The type size of today’s Wall Street Journal’s lead headline is not exactly Second Coming, but it is unusually large for that rather low-key – some might call staid – newspaper. It recognizes the celebrity, unusually well deserved, of Apple co-founder Steve Jobs. For those who are not living in a cave, Mr. Jobs died yesterday. His death was not unexpected, as he had been suffering from cancer for several years and he resigned as CEO of Apple in August, stating that he could not longer fulfill his duties. He was an innovator and entrepreneur of the stature of Thomas Edison and Henry Ford, and stands with them as an individual who changed the way we live. So far, I cannot say I participated. The only Apple product I have ever owned was a second-hand Apple II I bought from a friend in 1986, and used mostly to play chess. No reason other than the other products seemed more business oriented, and that’s what I needed when what we called micro-computer first became available. To paraphrase Isaac Newton, I bought the products from those who stood on the shoulders of a giant.
A lawyer I knew in 1977 paid $20,000 for an Olivetti Word Processor (that’s all it did!). My first PC was a Xerox 820 I acquired in 1981for which I paid $2,500 (in 1981 dollars) that had 64KB RAM and used two 90K 5″ floppy drives. I recently paid less than $1,000 for a Dell with 8GB RAM and 500 GB hard drive. For those who might miss the connection, Steve Jobs began the technical innovations that made the personal computer popular and available to the general public which had the effect of bringing the price down as the quality and capacity went up. He would have been remarkable for that alone even without his more recent iPod, iPhone, and iPad successes.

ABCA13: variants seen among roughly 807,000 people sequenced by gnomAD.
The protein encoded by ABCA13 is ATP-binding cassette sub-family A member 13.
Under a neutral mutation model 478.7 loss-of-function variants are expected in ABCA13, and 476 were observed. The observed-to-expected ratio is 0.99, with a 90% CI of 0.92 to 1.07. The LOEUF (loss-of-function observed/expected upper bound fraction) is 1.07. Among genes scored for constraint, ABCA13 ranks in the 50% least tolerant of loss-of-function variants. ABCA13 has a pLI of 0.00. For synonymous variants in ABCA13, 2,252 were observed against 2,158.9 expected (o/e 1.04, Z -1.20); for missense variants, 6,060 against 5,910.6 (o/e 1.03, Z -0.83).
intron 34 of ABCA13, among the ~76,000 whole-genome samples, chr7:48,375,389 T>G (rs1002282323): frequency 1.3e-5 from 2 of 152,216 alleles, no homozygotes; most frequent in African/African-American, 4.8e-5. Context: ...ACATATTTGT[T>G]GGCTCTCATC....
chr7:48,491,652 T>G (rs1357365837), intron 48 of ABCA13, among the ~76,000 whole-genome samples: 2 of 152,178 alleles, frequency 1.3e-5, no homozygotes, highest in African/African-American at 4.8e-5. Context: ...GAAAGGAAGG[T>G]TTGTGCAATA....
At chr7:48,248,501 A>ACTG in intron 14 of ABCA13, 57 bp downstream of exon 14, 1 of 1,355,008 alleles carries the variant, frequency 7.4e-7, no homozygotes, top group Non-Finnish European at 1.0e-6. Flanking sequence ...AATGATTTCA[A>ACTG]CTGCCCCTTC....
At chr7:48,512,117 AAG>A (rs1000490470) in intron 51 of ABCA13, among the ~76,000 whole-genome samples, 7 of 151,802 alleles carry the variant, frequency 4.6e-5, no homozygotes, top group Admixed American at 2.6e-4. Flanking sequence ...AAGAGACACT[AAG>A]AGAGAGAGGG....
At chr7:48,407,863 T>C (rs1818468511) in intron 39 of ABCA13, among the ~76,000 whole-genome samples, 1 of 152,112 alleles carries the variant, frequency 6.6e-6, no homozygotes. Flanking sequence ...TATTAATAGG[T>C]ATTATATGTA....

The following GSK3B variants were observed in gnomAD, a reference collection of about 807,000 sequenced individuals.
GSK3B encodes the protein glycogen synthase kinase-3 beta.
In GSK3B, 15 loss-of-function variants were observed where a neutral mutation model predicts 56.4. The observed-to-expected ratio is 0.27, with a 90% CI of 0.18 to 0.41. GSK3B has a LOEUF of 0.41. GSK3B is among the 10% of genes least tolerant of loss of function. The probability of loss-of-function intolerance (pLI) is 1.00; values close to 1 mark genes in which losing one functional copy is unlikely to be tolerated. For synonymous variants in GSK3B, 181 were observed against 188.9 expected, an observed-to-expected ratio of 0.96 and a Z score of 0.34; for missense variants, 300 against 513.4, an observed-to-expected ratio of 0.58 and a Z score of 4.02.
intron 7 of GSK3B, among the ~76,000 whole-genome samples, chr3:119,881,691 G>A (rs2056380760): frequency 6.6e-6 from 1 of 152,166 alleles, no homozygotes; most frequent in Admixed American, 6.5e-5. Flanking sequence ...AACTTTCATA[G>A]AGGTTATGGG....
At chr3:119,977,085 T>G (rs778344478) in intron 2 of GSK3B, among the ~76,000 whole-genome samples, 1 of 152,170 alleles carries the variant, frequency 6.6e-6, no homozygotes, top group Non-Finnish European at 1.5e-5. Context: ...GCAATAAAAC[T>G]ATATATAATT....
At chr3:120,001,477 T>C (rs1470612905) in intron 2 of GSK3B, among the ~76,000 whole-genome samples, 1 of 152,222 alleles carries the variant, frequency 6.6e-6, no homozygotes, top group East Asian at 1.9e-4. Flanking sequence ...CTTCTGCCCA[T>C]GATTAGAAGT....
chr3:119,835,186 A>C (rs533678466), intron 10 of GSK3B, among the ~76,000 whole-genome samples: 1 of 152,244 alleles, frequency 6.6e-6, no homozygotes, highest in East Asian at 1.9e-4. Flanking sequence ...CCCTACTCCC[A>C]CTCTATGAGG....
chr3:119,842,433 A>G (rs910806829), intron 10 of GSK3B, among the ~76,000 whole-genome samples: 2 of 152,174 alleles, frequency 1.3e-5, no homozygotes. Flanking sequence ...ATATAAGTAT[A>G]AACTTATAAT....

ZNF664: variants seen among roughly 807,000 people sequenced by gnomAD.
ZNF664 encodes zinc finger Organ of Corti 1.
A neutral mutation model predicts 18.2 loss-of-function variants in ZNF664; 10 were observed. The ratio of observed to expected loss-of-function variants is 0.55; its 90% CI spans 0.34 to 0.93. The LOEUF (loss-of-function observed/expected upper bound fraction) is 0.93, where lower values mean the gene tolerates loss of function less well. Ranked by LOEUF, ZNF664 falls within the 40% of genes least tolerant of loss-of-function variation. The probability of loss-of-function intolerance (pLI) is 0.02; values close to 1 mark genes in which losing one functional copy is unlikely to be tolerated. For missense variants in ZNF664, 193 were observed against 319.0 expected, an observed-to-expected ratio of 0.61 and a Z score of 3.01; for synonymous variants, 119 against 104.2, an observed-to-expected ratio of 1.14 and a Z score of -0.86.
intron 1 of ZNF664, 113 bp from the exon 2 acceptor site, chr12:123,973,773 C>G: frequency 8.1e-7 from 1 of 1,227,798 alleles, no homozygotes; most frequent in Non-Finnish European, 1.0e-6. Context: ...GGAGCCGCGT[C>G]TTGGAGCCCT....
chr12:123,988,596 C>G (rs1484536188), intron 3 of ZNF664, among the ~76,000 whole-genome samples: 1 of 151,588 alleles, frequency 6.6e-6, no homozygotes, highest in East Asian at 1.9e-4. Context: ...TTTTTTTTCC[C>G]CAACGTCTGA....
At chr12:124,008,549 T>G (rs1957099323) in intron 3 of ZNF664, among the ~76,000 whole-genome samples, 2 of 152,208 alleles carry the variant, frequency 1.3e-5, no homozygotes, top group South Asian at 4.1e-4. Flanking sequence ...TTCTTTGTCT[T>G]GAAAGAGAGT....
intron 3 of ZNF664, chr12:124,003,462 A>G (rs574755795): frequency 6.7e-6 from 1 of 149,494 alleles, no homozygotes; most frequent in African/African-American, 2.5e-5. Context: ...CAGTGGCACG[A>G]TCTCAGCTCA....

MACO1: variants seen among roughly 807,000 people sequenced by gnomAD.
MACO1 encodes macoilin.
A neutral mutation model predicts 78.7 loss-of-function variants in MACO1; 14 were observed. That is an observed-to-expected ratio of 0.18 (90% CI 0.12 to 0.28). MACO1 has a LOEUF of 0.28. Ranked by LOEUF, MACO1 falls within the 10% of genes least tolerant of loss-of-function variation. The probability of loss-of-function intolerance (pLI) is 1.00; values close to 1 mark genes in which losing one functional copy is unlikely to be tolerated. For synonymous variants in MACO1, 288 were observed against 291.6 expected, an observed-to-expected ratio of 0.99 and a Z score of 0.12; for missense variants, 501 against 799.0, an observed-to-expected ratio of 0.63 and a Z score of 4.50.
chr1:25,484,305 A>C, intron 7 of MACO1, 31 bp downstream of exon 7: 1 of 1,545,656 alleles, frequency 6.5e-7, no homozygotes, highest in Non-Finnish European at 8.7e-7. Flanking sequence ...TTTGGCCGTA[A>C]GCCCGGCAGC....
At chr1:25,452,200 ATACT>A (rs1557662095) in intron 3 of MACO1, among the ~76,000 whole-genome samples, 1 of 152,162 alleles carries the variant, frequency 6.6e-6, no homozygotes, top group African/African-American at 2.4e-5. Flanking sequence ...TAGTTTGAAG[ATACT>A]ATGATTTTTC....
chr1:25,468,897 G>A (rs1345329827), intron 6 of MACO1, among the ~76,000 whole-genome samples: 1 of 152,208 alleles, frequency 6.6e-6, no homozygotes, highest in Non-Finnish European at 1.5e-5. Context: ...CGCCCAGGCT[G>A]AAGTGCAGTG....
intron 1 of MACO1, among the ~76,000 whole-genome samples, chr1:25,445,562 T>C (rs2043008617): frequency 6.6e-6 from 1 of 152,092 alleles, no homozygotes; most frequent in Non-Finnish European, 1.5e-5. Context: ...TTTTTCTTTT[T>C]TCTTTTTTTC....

I more or less followed Steve Jobs’ career through my daily reading of the business news, and after refreshing my memory with news stories in several publications today, I realize he was a real live Ayn Rand hero. With Steve Wozniak he started the computer business, whose name was inspired by the Beatles record label, in his garage. He created a product for which there was a nascent market and ultimately was able to take it public and become and overnight multi-millionaire. (Wozniak cashed in early and went on to sponsor rock concerts or some such thing.) When the company’s management was taken over by bureaucrats who fired Jobs, he struck out on his own again. Eleven years later, Apple, with its hat in its hand, brought him back, and became – at least for awhile this year – America’s most valuable company. Apple’s current management, his competitors, the financial community, and the rest of the cognoscenti agree that it was Jobs who did it.
Steve Jobs, 1955 – 2011 RIP. We really do need more Jobs.